Obsessive-Compulsive Disorder (OCD)
What is obsessive-compulsive disorder?
Obsessive-compulsive disorder (OCD) is a common anxiety disorder. It causes unreasonable thoughts, fears, or worries. A person with OCD tries to manage these thoughts through rituals.
Frequent disturbing thoughts or images are called obsessions. They are irrational and can cause great anxiety. Reasoning doesn’t help control the thoughts. Rituals or compulsions are actions that help stop or ease the obsessive thoughts.
What causes OCD?
Experts aren’t sure of the exact cause of OCD. Genetics, brain abnormalities, and the environment are thought to play a role. It often starts in the teens or early adulthood. But, it can also start in childhood. OCD affects men and women equally. It appears to run in families.
Other anxiety problems, depression, eating disorders, or substance abuse may occur with OCD.
What are the symptoms of OCD?
Obsessions are unfounded thoughts, fears, or worries. They recur often and cause great anxiety. Reasoning does not help control the obsessions. Common obsessions are:
- A strong fixation with dirt or germs
- Repeated doubts (for example, about having turned off the stove)
- A need to have things in a very specific order
- Thoughts about violence or hurting someone
- Spending long periods of time touching things or counting
- Fixation with order or symmetry
- Persistent thoughts of awful sexual acts
- Troubled by thoughts that are against personal religious beliefs
While you may know that the thoughts are unreasonable and not due to real-life problems, it’s not enough to make the unwanted thoughts go away.
Compulsions are repetitive, ritualized acts. They are meant to reduce anxiety caused by the obsession(s). Examples are:
- Repeated hand washing (often 100+ times a day)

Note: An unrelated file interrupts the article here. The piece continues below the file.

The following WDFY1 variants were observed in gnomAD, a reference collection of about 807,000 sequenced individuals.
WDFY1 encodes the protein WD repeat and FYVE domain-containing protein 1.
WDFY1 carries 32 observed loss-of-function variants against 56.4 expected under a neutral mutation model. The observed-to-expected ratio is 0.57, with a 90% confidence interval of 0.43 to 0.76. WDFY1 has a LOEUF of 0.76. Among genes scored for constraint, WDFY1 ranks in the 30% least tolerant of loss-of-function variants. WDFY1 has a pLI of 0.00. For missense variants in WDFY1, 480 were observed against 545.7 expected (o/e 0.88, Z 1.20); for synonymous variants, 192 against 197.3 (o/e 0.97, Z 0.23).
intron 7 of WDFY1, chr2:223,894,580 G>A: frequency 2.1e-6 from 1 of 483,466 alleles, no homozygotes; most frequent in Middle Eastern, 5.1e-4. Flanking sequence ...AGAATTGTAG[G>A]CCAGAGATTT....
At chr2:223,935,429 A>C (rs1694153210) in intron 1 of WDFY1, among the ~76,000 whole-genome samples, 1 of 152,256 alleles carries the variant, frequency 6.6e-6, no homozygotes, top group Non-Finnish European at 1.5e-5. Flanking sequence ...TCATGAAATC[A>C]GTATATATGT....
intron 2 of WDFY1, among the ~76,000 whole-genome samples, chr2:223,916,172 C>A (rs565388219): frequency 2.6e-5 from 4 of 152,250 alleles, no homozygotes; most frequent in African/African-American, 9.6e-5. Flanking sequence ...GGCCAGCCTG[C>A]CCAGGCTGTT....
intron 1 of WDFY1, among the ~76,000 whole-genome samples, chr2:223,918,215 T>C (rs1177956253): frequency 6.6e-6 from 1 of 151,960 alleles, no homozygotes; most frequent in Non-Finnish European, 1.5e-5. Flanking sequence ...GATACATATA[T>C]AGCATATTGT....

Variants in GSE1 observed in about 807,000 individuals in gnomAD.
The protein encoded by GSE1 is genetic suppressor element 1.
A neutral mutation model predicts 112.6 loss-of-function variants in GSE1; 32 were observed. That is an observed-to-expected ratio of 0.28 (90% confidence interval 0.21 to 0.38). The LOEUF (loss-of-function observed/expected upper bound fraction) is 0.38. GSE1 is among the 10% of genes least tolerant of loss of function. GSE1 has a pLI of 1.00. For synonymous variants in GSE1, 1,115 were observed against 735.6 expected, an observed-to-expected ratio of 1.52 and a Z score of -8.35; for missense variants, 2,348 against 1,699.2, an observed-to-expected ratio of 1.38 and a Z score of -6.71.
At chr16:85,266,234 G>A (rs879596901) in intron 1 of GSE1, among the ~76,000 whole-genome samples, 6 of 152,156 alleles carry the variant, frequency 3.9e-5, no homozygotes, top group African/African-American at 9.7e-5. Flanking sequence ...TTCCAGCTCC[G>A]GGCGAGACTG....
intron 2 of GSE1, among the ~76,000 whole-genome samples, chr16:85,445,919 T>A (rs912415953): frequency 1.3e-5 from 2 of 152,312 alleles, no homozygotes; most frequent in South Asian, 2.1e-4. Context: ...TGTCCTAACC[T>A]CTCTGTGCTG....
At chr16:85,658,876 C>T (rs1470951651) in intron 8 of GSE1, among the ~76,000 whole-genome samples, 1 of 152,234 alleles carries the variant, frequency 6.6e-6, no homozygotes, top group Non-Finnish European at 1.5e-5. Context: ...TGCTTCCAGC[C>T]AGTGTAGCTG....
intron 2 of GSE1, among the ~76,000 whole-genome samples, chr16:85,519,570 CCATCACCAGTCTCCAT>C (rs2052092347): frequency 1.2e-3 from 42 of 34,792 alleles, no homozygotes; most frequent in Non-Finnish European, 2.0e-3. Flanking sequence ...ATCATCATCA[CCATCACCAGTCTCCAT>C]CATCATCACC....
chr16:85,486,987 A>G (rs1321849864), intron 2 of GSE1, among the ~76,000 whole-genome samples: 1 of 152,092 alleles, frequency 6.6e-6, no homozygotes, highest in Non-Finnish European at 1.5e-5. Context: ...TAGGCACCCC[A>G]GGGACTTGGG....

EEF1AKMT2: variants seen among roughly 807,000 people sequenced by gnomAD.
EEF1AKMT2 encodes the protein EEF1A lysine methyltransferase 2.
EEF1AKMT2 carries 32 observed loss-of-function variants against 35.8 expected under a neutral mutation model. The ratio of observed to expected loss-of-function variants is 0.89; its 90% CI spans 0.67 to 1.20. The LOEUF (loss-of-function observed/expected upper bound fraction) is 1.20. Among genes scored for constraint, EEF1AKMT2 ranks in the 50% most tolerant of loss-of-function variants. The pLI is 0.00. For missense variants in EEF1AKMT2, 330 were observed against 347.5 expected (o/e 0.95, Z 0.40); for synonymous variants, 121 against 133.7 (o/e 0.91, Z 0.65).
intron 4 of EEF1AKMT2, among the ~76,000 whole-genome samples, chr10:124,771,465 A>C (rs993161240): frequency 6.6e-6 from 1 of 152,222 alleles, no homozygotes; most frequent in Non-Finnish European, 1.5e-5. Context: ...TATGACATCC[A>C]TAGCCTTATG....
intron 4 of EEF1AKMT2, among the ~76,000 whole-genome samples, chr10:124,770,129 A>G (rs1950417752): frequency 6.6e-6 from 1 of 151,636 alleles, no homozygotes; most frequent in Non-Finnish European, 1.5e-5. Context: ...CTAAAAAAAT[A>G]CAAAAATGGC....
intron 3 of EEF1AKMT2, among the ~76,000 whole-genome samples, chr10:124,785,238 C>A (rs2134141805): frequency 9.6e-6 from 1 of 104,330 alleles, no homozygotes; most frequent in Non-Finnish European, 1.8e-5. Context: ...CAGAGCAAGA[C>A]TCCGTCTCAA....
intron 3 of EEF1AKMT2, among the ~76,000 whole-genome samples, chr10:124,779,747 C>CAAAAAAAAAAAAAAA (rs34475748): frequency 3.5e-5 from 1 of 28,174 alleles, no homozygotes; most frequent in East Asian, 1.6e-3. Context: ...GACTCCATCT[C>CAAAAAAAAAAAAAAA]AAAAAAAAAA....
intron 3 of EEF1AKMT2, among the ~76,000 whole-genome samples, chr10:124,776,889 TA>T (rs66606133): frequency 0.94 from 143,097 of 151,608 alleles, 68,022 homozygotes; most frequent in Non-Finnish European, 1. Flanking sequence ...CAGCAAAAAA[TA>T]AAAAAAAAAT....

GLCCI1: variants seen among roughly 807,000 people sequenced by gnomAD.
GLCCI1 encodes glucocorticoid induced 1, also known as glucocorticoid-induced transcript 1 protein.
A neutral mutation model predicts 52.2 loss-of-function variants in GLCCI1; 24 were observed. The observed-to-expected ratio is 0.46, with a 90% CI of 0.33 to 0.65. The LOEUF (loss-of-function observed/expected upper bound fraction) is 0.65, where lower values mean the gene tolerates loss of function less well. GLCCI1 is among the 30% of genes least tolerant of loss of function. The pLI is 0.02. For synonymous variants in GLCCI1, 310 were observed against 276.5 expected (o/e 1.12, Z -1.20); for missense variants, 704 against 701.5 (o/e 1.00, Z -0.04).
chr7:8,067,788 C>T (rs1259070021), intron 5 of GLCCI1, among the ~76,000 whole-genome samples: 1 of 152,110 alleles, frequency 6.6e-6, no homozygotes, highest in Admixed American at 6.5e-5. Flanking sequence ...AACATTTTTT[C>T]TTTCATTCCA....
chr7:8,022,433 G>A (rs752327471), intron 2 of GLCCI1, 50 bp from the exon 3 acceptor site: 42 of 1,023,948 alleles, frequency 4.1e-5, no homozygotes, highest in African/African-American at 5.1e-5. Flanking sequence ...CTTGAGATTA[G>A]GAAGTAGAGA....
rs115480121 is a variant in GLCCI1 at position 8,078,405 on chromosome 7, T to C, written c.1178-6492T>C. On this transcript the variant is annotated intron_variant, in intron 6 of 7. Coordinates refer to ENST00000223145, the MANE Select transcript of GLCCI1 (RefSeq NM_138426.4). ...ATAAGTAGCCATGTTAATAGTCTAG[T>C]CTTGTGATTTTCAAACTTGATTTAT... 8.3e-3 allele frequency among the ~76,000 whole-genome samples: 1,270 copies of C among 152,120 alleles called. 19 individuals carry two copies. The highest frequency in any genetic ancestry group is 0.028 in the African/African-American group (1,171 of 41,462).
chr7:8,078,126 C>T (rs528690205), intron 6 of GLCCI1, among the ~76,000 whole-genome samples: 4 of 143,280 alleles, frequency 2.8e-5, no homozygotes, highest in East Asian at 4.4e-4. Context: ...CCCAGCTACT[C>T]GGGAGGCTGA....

- Checking and rechecking to make sure that a door is locked or that the oven is turned off for example
- Following rigid rules of order - such as, putting on clothes in the same order each day, or alphabetizing the spices, and getting upset if the order becomes disrupted
Compulsive acts can become excessive, disruptive, and time-consuming. They may interfere with daily life and relationships.
People may avoid situations in which they might have to face their obsessions. Some try alcohol or drugs to calm themselves.
How is OCD diagnosed?
OCD is diagnosed during a physical and psychiatric exam when obsessions and compulsions:
- Take up at least one hour each day
- Are distressing
- Interfere with daily life
Always see your health care provider for a diagnosis.
How is OCD treated?
Your health care provider will figure out the best treatment based on:
- How old you are
- Your overall health and medical history
- How sick you are
- How well you can handle specific medications, procedures, or therapies
- How long the condition is expected to last
- Your opinion or preference
Treatment may include:
- Anti-anxiety or antidepressant medications are often used.
- Cognitive behavioral therapy can also help.
- OCD is a common condition. It causes persistent disturbing thoughts and compulsive rituals that attempt to ease anxiety.
- The rituals become consuming and interrupt daily life.
- Stressful events may trigger the OCD episodes or make them worse.
- You may or may not have insight into the irrational thoughts or behaviors.
- Medications and therapy can help reduce the time spent in the thought patterns or compulsive behaviors. Treatment is most successful when both are used.
Tips to help you get the most from a visit to your health care provider:
- Before your visit, write down questions you want answered.
- Bring someone with you to help you ask questions and remember what your provider tells you.
- At the visit, write down the names of new medicines, treatments, or tests, and any new instructions your provider gives you.
- If you have a follow-up appointment, write down the date, time, and purpose for that visit.
- Know how you can contact your provider if you have questions.
Online Medical Reviewer:
MMI board-certified, academically affiliated clinician
Online Medical Reviewer:
Nelson, Gail A., MS, APRN, BC
Date Last Reviewed:
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